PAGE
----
We’re already in the next health care crisis.
Canada is facing a critical nursing shortage: nurses are overworked, underpaid, burnt out, and many are unable to take time off due to a lack of staff.
The nursing shortage has reached a dangerous tipping point. Even before the pandemic, 83% of nurses reported that there were not enough health care staff to meet the needs of patients. Clinical levels of burnout are at an all-time high. The long-term care crisis continues, with deadly consequences.
Overtime and workloads were already high pre-pandemic. Since the pandemic began, this situation has worsened significantly, with dramatic increases in both overtime and workloads, made worse by the shortage and increases in vacant nurse positions.
In the first quarter of 2021, Statistics Canada reported that the number of vacancies in health care and social assistance stood at about 100,000: RNs and RPNs had the highest year-over-year increase in vacancies, with almost half of these vacancies remaining open for 90 days or more.
Canadian nurses’ average weekly overtime hours increased by 78% during the pandemic, from 5.8 hours in May 2019 to 10.3 hours in May 2020. Overtime was even more significant in Ontario and Quebec, surging by 109% and 173% respectively during the same period.
Nurses have faced extended days – routinely working up to 24-hour shifts, and have experienced very high patient- and resident-to-staff ratios.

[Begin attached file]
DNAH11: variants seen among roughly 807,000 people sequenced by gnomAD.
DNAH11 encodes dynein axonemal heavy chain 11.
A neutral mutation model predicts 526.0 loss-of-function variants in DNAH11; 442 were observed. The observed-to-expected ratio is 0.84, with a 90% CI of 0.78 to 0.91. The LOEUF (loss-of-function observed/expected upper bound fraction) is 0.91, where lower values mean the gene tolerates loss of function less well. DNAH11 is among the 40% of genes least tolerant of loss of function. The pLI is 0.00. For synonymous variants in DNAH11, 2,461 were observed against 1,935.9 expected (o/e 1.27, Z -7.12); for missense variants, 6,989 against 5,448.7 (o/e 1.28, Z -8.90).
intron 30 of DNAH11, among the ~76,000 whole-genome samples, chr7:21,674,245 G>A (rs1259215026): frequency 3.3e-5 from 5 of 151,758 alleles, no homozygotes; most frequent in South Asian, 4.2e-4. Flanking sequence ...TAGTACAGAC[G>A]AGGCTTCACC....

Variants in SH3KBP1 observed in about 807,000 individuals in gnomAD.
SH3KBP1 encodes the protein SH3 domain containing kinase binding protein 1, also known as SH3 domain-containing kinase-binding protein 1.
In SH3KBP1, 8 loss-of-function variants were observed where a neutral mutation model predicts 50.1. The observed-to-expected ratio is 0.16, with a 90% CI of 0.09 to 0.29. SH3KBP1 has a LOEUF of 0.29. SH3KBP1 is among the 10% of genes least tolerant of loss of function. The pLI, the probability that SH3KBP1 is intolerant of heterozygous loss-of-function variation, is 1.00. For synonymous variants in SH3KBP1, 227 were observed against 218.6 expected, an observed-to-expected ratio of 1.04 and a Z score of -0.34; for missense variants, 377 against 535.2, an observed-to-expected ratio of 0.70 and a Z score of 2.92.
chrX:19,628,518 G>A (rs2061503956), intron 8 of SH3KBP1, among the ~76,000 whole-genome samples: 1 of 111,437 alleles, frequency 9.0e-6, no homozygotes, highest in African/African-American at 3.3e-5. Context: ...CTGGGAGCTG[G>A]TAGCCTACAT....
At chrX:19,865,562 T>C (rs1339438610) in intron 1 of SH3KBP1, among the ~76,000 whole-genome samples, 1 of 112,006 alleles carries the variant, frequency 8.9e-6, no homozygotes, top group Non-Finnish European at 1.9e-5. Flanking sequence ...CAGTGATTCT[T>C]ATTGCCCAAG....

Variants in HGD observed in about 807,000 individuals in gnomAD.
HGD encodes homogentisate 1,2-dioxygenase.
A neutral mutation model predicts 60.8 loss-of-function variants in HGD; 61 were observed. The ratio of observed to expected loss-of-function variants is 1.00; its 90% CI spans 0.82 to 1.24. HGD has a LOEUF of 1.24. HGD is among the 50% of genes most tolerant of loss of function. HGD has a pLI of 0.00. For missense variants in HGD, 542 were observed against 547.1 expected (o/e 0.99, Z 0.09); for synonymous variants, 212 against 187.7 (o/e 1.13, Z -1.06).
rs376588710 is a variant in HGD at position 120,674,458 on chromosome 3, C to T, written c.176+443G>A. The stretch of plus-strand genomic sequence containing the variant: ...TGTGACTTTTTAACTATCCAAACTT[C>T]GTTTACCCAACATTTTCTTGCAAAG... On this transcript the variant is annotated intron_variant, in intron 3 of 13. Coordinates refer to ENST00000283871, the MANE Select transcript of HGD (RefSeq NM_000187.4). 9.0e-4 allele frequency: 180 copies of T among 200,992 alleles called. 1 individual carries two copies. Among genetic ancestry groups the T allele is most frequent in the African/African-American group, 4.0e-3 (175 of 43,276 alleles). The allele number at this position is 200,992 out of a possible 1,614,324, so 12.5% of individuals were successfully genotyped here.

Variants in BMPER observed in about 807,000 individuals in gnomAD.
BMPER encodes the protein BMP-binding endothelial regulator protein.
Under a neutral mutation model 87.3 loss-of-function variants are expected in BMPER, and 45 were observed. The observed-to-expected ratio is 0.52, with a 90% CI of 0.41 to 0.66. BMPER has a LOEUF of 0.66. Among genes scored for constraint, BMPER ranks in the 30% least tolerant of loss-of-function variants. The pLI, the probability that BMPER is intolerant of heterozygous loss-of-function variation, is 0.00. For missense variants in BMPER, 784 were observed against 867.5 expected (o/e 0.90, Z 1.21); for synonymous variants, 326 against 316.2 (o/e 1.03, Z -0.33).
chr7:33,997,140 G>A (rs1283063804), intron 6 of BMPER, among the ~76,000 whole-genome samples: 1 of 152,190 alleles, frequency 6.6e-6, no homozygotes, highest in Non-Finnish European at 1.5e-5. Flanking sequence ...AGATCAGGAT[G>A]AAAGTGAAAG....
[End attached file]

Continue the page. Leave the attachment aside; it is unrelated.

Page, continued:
The shortage hurts nurses and patients: it has had far-reaching and damaging effects on workers’ mental health and well-being, as well as on the care available to their patients and clients.
The shortage is costly: billions are spent every year by governments on overtime, because many employers use a ‘just in time’ approach to scheduling rather than providing the nurse staffing required to meet population health needs.
Prior to the pandemic, a staggering 60% of nurses said they intended to leave their jobs within the next year, and more than one quarter of these nurses wanted to leave the profession altogether.
For too long, elected officials have socially distanced themselves from these problems. It’s time to fix the cracks and get Canada’s health care system back on track.